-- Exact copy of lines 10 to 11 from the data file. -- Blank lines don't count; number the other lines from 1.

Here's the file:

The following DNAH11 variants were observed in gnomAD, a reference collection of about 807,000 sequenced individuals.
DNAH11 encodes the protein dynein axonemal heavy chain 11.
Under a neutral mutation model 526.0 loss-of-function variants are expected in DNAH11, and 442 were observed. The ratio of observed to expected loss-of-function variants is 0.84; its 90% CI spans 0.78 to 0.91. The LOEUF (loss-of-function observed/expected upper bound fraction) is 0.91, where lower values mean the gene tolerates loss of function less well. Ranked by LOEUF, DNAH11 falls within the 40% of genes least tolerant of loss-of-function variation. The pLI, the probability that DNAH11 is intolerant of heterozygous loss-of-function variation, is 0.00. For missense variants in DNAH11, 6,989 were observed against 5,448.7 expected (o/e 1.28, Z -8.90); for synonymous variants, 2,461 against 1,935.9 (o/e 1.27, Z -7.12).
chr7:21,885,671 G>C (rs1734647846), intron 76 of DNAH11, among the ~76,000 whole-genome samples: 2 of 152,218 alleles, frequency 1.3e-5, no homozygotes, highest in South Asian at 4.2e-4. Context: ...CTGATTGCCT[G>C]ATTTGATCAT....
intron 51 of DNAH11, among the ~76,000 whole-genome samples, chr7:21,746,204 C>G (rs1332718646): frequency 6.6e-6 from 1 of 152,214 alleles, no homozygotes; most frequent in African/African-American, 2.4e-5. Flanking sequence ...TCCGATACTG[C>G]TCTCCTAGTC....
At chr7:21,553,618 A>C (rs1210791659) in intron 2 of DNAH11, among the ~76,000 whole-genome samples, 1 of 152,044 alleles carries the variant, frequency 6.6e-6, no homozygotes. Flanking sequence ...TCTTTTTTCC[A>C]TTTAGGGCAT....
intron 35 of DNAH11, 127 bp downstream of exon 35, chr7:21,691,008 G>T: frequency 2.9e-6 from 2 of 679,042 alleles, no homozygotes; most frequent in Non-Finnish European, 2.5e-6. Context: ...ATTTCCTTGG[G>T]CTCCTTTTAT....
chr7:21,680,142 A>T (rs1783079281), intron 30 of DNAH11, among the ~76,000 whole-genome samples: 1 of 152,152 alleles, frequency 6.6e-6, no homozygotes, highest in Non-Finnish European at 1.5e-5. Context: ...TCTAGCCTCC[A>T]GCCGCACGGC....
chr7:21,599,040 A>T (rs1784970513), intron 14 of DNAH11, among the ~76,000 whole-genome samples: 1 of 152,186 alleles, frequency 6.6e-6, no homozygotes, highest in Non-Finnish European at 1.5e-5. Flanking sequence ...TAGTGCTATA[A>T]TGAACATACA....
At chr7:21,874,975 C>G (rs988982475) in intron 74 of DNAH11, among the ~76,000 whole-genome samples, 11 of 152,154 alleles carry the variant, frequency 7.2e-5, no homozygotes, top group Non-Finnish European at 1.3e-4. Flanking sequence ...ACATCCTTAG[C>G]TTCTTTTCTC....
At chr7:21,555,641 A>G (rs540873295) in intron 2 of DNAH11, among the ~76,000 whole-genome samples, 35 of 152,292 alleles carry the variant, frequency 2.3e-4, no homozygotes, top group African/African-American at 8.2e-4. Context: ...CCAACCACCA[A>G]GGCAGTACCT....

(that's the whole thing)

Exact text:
At chr7:21,874,975 C>G (rs988982475) in intron 74 of DNAH11, among the ~76,000 whole-genome samples, 11 of 152,154 alleles carry the variant, frequency 7.2e-5, no homozygotes, top group Non-Finnish European at 1.3e-4. Flanking sequence ...ACATCCTTAG[C>G]TTCTTTTCTC....
At chr7:21,555,641 A>G (rs540873295) in intron 2 of DNAH11, among the ~76,000 whole-genome samples, 35 of 152,292 alleles carry the variant, frequency 2.3e-4, no homozygotes, top group African/African-American at 8.2e-4. Context: ...CCAACCACCA[A>G]GGCAGTACCT....